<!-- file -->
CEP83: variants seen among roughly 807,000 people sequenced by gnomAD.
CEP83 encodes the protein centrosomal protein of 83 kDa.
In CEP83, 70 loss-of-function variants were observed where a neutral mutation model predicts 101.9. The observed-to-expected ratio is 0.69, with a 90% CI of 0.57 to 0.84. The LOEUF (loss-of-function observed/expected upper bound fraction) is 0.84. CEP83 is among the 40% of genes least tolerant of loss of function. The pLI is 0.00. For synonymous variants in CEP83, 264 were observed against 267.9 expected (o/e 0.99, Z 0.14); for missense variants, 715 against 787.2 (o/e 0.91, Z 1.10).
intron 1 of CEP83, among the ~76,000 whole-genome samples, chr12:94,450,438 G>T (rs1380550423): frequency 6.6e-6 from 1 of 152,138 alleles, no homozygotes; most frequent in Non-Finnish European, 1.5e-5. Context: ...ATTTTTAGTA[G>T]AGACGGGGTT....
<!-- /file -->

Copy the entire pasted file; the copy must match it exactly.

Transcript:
CEP83: variants seen among roughly 807,000 people sequenced by gnomAD.
CEP83 encodes the protein centrosomal protein of 83 kDa.
In CEP83, 70 loss-of-function variants were observed where a neutral mutation model predicts 101.9. The observed-to-expected ratio is 0.69, with a 90% CI of 0.57 to 0.84. The LOEUF (loss-of-function observed/expected upper bound fraction) is 0.84. CEP83 is among the 40% of genes least tolerant of loss of function. The pLI is 0.00. For synonymous variants in CEP83, 264 were observed against 267.9 expected (o/e 0.99, Z 0.14); for missense variants, 715 against 787.2 (o/e 0.91, Z 1.10).
intron 1 of CEP83, among the ~76,000 whole-genome samples, chr12:94,450,438 G>T (rs1380550423): frequency 6.6e-6 from 1 of 152,138 alleles, no homozygotes; most frequent in Non-Finnish European, 1.5e-5. Context: ...ATTTTTAGTA[G>T]AGACGGGGTT....